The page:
Halo—a quaint, rural Missouri town—is an absolutely great place to be … unless, of course, you’re a human.
For the fallen angels, vampires, werebeasts, and a whole slew of other walking horrors, Halo has become a sort of sanctuary, a preserve where the nightmares reign supreme with little interference from the larger American government. Life isn’t so great for humans, though, who fall somewhere between being second-class citizens and straight up chattel: pimped out, bled dry, and forced to slave away for their non-people (NP) protectors or suffer terrible consequences.
And the only people who might be able to save the day? The Whitney family … well, what remains of the Whitney family. Colt and Tough, a couple of alcoholic, redneck brothers with a family history as dark as they come. If these two boys are God’s chosen warriors, then it might just be time for humanity to bow out of the fight.
The MC: Halo Bound is split between three primary POVs, Colt, Tough, and Desty (short for Modesty), and I’ve gotta say I love all three characters.
Tough is a little more than a kid, but one who has had to grow up way to fast, in a world that is both hard and cruel, especially if you’re a Whitney. Man do I like Tough. He’s deeply, deeply broken and scarred right down to his soul, but he’s also a good guy, even if he doesn’t think so and can’t seem to see it. After watching his family die, Tough’s been forced to eke out a living as a male prostitute, turning tricks to survive, while simultaneously being forbidden from leaving Halo and finding a place where he might make a better life for himself. Tough is a whirling tornado of totally-justifiable self-destruction.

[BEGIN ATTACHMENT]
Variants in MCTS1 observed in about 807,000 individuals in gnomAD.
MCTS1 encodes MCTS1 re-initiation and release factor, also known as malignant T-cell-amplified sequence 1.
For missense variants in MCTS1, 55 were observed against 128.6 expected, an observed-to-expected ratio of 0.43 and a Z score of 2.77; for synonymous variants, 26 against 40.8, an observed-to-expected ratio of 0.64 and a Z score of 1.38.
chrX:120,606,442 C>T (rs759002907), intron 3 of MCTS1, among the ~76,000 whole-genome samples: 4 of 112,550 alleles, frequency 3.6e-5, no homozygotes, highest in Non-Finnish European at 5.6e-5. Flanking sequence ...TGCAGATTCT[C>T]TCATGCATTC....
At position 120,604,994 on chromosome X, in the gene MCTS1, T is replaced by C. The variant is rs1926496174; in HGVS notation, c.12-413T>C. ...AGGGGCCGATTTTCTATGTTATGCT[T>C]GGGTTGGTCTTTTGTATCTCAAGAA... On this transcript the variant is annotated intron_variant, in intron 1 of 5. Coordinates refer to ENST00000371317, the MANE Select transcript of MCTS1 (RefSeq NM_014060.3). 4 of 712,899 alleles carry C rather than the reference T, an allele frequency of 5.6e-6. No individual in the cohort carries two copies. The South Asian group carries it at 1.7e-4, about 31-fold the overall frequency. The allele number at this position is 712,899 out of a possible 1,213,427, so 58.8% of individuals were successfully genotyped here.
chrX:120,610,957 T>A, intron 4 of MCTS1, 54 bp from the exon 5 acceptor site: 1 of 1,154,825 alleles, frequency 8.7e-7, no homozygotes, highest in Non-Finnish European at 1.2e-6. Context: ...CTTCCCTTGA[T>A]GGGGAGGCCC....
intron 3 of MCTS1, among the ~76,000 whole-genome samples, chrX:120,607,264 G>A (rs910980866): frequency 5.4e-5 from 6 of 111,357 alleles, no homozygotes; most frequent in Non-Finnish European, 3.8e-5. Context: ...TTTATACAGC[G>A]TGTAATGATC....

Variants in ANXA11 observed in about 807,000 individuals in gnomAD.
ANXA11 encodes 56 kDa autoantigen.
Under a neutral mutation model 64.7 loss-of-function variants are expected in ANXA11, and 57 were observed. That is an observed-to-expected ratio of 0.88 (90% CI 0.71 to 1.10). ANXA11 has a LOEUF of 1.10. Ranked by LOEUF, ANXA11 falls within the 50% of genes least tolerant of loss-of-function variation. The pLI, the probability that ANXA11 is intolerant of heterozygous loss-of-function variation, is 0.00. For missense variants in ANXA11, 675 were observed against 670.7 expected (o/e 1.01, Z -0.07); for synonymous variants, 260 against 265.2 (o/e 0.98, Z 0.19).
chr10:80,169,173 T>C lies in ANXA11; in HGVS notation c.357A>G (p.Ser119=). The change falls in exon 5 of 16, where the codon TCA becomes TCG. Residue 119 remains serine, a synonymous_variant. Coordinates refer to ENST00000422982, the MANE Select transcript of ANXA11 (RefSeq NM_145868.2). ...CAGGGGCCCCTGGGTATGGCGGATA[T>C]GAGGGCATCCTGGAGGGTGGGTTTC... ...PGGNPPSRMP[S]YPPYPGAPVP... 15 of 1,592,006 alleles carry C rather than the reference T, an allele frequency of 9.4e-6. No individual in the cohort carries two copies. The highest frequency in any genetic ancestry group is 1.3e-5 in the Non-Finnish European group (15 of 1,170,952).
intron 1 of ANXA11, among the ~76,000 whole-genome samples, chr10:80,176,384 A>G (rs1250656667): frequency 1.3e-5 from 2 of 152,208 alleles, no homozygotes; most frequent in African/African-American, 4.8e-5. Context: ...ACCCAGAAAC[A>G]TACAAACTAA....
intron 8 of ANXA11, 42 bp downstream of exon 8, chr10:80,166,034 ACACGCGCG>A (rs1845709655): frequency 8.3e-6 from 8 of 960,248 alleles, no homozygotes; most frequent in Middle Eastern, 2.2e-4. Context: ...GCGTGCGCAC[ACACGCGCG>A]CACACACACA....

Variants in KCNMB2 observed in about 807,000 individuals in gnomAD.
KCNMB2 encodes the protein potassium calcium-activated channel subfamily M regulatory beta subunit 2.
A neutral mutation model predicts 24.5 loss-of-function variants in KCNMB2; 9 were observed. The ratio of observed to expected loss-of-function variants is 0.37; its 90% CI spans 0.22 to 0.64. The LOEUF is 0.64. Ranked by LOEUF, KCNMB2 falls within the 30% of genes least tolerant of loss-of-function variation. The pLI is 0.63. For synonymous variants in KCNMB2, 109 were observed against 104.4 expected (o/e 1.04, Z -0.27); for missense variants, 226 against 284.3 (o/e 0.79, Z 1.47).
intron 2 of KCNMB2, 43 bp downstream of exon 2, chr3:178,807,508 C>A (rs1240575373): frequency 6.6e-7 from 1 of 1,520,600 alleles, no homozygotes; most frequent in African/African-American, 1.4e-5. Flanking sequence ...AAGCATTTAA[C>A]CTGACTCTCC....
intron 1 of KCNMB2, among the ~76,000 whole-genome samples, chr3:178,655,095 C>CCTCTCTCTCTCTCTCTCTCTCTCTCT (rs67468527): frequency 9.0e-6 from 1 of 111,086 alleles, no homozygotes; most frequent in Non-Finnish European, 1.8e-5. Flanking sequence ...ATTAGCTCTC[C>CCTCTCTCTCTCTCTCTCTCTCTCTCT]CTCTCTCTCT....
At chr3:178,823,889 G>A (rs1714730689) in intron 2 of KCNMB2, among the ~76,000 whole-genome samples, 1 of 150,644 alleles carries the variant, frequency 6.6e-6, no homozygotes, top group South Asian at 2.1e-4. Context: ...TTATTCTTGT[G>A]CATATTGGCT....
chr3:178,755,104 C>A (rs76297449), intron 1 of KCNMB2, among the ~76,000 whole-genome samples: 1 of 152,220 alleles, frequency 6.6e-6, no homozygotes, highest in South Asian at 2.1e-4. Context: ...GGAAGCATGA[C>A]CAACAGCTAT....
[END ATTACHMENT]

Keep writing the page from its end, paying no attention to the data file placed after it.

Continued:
Colt—Tough’s older brother—is a fanatic holy warrior, who is absolutely crazy, but he’s also the only one crazy enough to try and put things right and stop the fallen angels, no matter how insurmountable the odds against his holy mission seem.
Desty is a teenager, just coming into adulthood. She’s a tourist, visiting Halo for the first, and she’s on a mission of her own: find her twin sister Tempie (short for Temperance), who just so happens to be the familiar of the biggest, baddest fallen angel in town, Mayor Kathan Dark. Tempie and Desty also might be the final two pieces that Kathan needs to summon the armies of Hell and bring about the final battle against humanity. Desty’s an awkward nerd with an abysmal sense of self-esteem, but when you get beyond that she’s also as fierce as a caged honey badger.
The World: Halo is a really well thought out world, and quite original as worlds go. Fallen angels, werebeasts, vampires, sirens, zombies, and all other manner of freaky-deaky things exist, and they exist right out in the open, thanks to the unceasing efforts of Halo’s Mayor, Kathan Dark. Things didn’t always used to be that way, but after the Whitney family discovered the existence of these dark creatures and started waging a holy war against the fallen angels, the situation drastically shifted. Now, non-people run the show and human beings are relegated to doing what they’re told. Each human is assigned to a NP, who in turn serves as their protector in exchange for certain benefits, like blood, or manual labor, or sex. All and all, it’s a pretty disturbing vision.
The Story and Writing: I really struggled with this book. Its urban fantasy, sure, but it’s not really the type of thing I’d normally read. It certainly does have a plot, but this is a really more of a character driven novel, which is something I usually don’t love. At the same time I did find this book ridiculously engaging—I didn’t want to stop reading, even though the pace was much slower than what I usually go for. This book is also so dark it made my soul cry. I mean its H.E.A.V.Y. stuff. Sex, violence, substance abuse, and even darker themes like rape, grief, and insanity.
This book is like watching a train wreck happen in slow motion, only it’s even worse because you know every passenger on the train and you know some of them aren’t going to make it out okay. With all of that said, I also thought the book was fantastic. The writing was brilliant (made me more than a little self-conscious), the characters were amazingly real, and the story was original and inspired. I would not recommend this book unless you mentally prepare yourself for a bumpy, twisted ride, filled with a huge heaping of soul-sucking darkness, but if you can take it, this book is well worth reading.
The Rating: For me, 4 ½ stars. Buy it here: www.Amazon.com/dp/B00IJJBHDI